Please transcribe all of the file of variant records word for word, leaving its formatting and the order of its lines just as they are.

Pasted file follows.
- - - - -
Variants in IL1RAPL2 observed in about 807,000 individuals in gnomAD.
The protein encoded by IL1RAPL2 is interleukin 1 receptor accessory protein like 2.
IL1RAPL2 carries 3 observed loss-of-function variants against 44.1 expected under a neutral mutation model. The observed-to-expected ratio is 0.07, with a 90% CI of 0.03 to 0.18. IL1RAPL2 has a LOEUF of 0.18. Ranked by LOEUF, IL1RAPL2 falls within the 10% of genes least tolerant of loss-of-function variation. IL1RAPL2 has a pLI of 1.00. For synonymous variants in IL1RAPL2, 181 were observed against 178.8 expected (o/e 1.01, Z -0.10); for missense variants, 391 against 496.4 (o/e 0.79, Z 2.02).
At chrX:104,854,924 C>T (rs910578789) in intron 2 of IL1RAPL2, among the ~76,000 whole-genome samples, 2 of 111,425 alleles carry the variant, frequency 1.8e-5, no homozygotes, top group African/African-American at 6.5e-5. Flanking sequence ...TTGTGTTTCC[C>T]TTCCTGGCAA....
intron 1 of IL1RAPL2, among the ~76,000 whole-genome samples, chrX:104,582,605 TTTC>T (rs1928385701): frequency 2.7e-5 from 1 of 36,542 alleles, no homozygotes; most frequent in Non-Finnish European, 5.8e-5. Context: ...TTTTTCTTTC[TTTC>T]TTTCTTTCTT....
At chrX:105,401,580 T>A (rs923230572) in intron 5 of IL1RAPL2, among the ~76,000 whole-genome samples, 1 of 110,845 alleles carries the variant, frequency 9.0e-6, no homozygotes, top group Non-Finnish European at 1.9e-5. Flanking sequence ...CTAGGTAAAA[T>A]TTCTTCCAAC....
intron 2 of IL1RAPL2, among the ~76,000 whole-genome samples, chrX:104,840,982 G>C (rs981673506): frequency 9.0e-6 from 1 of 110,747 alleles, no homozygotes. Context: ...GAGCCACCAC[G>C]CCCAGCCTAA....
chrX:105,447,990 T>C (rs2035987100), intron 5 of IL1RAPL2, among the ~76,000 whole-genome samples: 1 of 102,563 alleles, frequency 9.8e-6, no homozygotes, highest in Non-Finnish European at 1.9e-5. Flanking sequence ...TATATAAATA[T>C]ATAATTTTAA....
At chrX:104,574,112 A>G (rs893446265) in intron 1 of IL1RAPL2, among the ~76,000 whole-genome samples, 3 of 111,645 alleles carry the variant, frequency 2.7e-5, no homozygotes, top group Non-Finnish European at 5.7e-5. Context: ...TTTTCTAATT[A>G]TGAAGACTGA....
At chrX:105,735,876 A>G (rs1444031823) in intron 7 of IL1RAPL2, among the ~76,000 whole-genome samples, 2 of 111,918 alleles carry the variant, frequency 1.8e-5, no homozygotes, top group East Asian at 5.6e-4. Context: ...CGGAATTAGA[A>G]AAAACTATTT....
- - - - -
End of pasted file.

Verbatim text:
Variants in IL1RAPL2 observed in about 807,000 individuals in gnomAD.
The protein encoded by IL1RAPL2 is interleukin 1 receptor accessory protein like 2.
IL1RAPL2 carries 3 observed loss-of-function variants against 44.1 expected under a neutral mutation model. The observed-to-expected ratio is 0.07, with a 90% CI of 0.03 to 0.18. IL1RAPL2 has a LOEUF of 0.18. Ranked by LOEUF, IL1RAPL2 falls within the 10% of genes least tolerant of loss-of-function variation. IL1RAPL2 has a pLI of 1.00. For synonymous variants in IL1RAPL2, 181 were observed against 178.8 expected (o/e 1.01, Z -0.10); for missense variants, 391 against 496.4 (o/e 0.79, Z 2.02).
At chrX:104,854,924 C>T (rs910578789) in intron 2 of IL1RAPL2, among the ~76,000 whole-genome samples, 2 of 111,425 alleles carry the variant, frequency 1.8e-5, no homozygotes, top group African/African-American at 6.5e-5. Flanking sequence ...TTGTGTTTCC[C>T]TTCCTGGCAA....
intron 1 of IL1RAPL2, among the ~76,000 whole-genome samples, chrX:104,582,605 TTTC>T (rs1928385701): frequency 2.7e-5 from 1 of 36,542 alleles, no homozygotes; most frequent in Non-Finnish European, 5.8e-5. Context: ...TTTTTCTTTC[TTTC>T]TTTCTTTCTT....
At chrX:105,401,580 T>A (rs923230572) in intron 5 of IL1RAPL2, among the ~76,000 whole-genome samples, 1 of 110,845 alleles carries the variant, frequency 9.0e-6, no homozygotes, top group Non-Finnish European at 1.9e-5. Flanking sequence ...CTAGGTAAAA[T>A]TTCTTCCAAC....
intron 2 of IL1RAPL2, among the ~76,000 whole-genome samples, chrX:104,840,982 G>C (rs981673506): frequency 9.0e-6 from 1 of 110,747 alleles, no homozygotes. Context: ...GAGCCACCAC[G>C]CCCAGCCTAA....
chrX:105,447,990 T>C (rs2035987100), intron 5 of IL1RAPL2, among the ~76,000 whole-genome samples: 1 of 102,563 alleles, frequency 9.8e-6, no homozygotes, highest in Non-Finnish European at 1.9e-5. Flanking sequence ...TATATAAATA[T>C]ATAATTTTAA....
At chrX:104,574,112 A>G (rs893446265) in intron 1 of IL1RAPL2, among the ~76,000 whole-genome samples, 3 of 111,645 alleles carry the variant, frequency 2.7e-5, no homozygotes, top group Non-Finnish European at 5.7e-5. Context: ...TTTTCTAATT[A>G]TGAAGACTGA....
At chrX:105,735,876 A>G (rs1444031823) in intron 7 of IL1RAPL2, among the ~76,000 whole-genome samples, 2 of 111,918 alleles carry the variant, frequency 1.8e-5, no homozygotes, top group East Asian at 5.6e-4. Context: ...CGGAATTAGA[A>G]AAAACTATTT....